Friday Apr 20 2012
Unsafe conditions fill Auburn mobile home park, residents say
By: Sara Seyydin Journal Staff Writer
Poor drinking water, mold among their complaints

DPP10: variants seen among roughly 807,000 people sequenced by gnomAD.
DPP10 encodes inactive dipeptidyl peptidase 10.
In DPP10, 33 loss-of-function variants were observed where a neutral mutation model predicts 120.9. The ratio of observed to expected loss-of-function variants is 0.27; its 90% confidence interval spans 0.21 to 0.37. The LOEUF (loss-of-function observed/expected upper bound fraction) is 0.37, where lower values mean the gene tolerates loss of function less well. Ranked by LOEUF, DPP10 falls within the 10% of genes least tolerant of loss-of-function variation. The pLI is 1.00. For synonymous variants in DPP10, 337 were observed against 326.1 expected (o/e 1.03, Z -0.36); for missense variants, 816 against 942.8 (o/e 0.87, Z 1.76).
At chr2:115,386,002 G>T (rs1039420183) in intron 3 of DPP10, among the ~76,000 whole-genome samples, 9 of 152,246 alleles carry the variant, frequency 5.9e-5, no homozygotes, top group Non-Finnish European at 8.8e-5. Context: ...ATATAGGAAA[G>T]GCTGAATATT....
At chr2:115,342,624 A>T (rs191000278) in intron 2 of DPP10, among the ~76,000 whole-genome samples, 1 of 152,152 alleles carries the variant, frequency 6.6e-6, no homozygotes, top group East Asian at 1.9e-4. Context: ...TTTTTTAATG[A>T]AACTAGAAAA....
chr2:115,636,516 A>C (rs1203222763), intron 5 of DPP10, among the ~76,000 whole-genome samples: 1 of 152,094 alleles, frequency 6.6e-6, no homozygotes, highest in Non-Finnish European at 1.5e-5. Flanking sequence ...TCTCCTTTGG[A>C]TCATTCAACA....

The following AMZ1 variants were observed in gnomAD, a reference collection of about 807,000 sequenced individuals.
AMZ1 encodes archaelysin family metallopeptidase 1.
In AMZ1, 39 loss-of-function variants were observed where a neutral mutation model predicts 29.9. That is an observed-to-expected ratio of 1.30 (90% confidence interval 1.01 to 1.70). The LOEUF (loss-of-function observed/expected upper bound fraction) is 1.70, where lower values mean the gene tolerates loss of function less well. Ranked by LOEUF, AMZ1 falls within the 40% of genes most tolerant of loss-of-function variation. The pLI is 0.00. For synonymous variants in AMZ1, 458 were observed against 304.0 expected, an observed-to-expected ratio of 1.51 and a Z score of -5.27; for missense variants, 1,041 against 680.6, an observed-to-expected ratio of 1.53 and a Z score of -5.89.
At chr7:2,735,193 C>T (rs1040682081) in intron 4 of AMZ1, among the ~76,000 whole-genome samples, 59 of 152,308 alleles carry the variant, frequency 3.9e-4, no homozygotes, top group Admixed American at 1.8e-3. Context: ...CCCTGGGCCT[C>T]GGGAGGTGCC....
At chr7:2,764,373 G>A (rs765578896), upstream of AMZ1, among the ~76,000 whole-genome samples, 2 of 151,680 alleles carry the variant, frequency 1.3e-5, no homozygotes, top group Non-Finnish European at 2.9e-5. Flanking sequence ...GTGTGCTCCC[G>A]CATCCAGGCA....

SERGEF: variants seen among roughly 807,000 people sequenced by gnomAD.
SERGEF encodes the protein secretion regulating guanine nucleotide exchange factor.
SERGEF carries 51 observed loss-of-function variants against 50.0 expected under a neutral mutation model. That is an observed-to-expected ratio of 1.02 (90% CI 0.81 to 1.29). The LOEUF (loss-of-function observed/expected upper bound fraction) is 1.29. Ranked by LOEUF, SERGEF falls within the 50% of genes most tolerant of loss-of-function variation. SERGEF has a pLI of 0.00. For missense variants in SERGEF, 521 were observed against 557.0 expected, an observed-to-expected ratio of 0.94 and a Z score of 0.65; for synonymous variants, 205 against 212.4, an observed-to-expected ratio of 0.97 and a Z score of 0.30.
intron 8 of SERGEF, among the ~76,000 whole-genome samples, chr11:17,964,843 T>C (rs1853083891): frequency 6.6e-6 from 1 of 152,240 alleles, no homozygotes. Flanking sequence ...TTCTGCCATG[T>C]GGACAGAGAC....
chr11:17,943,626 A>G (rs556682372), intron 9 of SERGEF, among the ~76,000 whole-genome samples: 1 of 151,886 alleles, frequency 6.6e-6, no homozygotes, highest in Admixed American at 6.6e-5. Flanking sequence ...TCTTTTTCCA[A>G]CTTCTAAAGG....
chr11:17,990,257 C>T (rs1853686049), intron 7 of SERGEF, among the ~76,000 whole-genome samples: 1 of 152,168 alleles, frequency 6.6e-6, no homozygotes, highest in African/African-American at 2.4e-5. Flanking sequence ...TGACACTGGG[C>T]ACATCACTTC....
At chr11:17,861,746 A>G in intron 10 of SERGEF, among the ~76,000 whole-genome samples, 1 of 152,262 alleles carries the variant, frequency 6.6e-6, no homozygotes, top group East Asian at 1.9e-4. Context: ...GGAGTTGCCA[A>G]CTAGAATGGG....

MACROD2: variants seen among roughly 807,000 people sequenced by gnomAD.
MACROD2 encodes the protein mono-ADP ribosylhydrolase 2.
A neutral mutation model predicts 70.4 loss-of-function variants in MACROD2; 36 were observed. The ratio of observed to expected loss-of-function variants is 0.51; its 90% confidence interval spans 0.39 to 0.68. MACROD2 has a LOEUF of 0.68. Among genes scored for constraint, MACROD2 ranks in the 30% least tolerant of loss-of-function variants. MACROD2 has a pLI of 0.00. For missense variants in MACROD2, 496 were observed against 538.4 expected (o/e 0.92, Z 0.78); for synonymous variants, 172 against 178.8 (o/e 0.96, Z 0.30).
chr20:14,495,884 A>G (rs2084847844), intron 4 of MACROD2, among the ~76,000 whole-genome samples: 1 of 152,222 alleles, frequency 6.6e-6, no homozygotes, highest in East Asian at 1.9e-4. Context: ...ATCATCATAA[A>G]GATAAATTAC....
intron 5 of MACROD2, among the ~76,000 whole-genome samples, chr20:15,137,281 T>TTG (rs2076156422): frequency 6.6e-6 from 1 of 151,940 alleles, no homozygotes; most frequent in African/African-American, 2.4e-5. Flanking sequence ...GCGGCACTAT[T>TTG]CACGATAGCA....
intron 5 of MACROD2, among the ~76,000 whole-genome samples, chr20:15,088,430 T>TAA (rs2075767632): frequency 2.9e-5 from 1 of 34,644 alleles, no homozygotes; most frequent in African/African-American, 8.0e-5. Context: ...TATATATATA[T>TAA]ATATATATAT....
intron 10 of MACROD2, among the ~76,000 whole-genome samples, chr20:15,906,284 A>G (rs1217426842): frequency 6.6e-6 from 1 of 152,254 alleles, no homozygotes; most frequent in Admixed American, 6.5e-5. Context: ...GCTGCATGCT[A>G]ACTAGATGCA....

“Home is what you make it,” David Freeman says as he opens the door to his trailer. Despite that comforting adage, the Auburn resident can’t help but be angry over the conditions at Glen Oaks Mobile Home Park, where he and his wife Dale Freeman rent a space. The debris from torn down trailers sits en masse in one lot. Freeman and many of the other residents say they don’t drink the water — a new well system may keep the E. coli that was once present out, but it still tastes bad and comes out less than clear. “I gave my granddaughter a bath last January and she broke out in this rash,” David Freeman said. “I took her to Chapa De (medical clinic) and they said to bathe her with bottled water and put cream on her.” Thick deposits of mold have grown on the walls of the cabin Heather Huff, 33, of Auburn, rented in February for her and her son. Open sewer lines, decaying dead rats and a corrosive chemical bottle sit in plain sight on one empty lot. In a small corner of her trailer Dale Freeman busily works on a spreadsheet she has created on the computer to calculate an accurate version of their electric bill for the month. For years the electricity meters hooked up to each unit were out of compliance with Placer County regulations. County officials say they have been sealed and certified now, but residents say they still receive bills that aren’t correct. Management at the mobile home park says the park is in compliance and works to address all tenant complaints. The county department of environmental health said while mobile home parks fall under state jurisdiction, it is doing its part to assist a concerned resident. Since he moved in about eight years ago, David Freeman said he has tried to act as an advocate for his neighbors and reported violations to the governing authorities as the park gradually deteriorated. Dale Freeman said for her part, she has kept meticulous records of the violations, inspections and incorrect bills. “They say, ‘If you take it outside the place, you are going to get a bad name,’” David Freeman said. No longer hoping for ‘the American dream’ Before they moved in to the park, the Freemans lost their 2,000 square foot home in Pilot Hill. Dale Freeman said they bought the house with cash, but took out a loan on their equity and couldn’t pay it back after she suffered a chemical burn in her eye and was out of work. Living in their trailer was supposed to be a temporary solution while they transitioned back into a house, but David Freeman’s work as a journeyman heating and air-conditioning installer began to decline with the economy. They currently pay $390 a month to rent the space, plus electricity. “We’re not going to have the American dream now,” Dale Freeman said. Now, they want to make the best of what they have as they hope to go back into the workforce. Across the park, Huff, the 33-year-old mother, recently got a new job within walking distance of the park. She was thrilled to move into one of the property’s cabins in February, but a few weeks after she moved in mold began creeping through the paneling on the wall. When she pulled off the paneling the wall beneath it was covered. It grew so bad in her son’s bedroom that they both sleep in the living room now and many of their possessions have been ruined. Management offered to give her a discount on her rent or her deposit back, but hasn’t offered to reimburse her for her ruined possessions. “He can’t live in here anymore,” Huff said. “His mattress is filled with mold. My friends don’t even visit me anymore.” She said her electric bills for February and March were almost identical, despite the fact that she only lived in the unit for 11 days in February. The top of the bill for February states she was billed for 32 days of electricity. When she brought up the complaint with management, she said she was told not to “pay attention to that. That is written on all of them.” Management says there is an explanation. Huff filed a report with Placer County Environmental Health and is discussing what she should do next with her lawyer. Well company weighs in on water In 2009, the water in the park was tested and found to have E. coli or Fecal Coliform. Arthur D. Fulton, general partner of Diamond Well Drilling and Water Lab said his company was commissioned to build a new water system in 2011 when the county insisted the antiquated system be replaced. He said since then baseline bacteriological testing has showed the water is safe to drink, but two additional tests exist that could impact the water beyond that. One tests for substances which are considered a primary impact on human health, like lead and the other tests for aesthetic qualities, including taste and odor. The Placer County Water Agency treats all of its water to that multi-step test, he said, but smaller water systems are not required to go beyond bacteriological testing. “Small systems don’t have to test for primary standards or second standards,” Fulton said. “They really only to have to test for bacteriological standards.” Fulton said while Diamond Well installed the systems and occasionally provides water testing, the park chose to be responsible for its management. He said the well system at Glen Oaks is not designed to filter out the substances in all three levels. Management says they work with residents Mary Carlson, manger of Glen Oaks Mobile Home Park, said there is nothing wrong with the water quality, but admits it isn’t always clear. “Yes, the water does turn a little red sometimes. They come up and it’s like they clean the lines out. It clears up within just a few hours,” Carlson said. While the Freemans have installed numerous filtration systems in their trailer, Carlson said other residents could improve their water quality by replacing old pipes. Carlson said she has never threatened residents when they have complaints and tries to work with them on resolutions. She said Huff’s electric bill was about the same for both months because a new hot water heater was installed in the unit. She said while she does handwrite in the amount for each electric bill, the owner, Randy Wentzel does the math and recites the numbers to her. “I don’t take care of the math part of it. I do space by space by space,” Carlson said. “The tenants don’t seem to understand. They rise from one season to another, winter is a little lower.” Randy Wentzel, who owns the mobile home park, declined to comment for this story. Dale Freeman said she does understand how the billing process works in detail and even downloads her own rate sheets from PG&E. She said because mobile home units are all sub-metered and the final bill is sent to the mobile home park, paying directly to PG&E is not an option. State has recently written citations, county says Ed King, deputy sealer of weights and measures for the county, said while the meters are certified, the county will continue to audit the park as needed Mike Fitch, Placer County spokesmen said the county is doing all it can to assist with the situation at Glen Oaks Mobile Home Park, but the entire park is under state jurisdiction. “The state agency reported to the county that one of its field inspectors visited Glen Oaks on April 10, issued citations and scheduled the property for re-inspection with 30 days,” Fitch said. Despite three inquiries from the Journal to speak with a state official about Glen Oaks Mobile Home Park, none had commented by press time. Freeman said he has filed the complaints despite threats of retaliation because his other neighbors are afraid to and noticed in the past couple of days an open sewer line was capped and a small amount of debris was collected from the empty lot. “We want the park cleaned. We want fresh, clean water,” David Freeman said. “We are tired of getting patted on the back and getting nothing done.” Reach Sara Seyydin at firstname.lastname@example.org, or follow her on Twitter @AJ_News.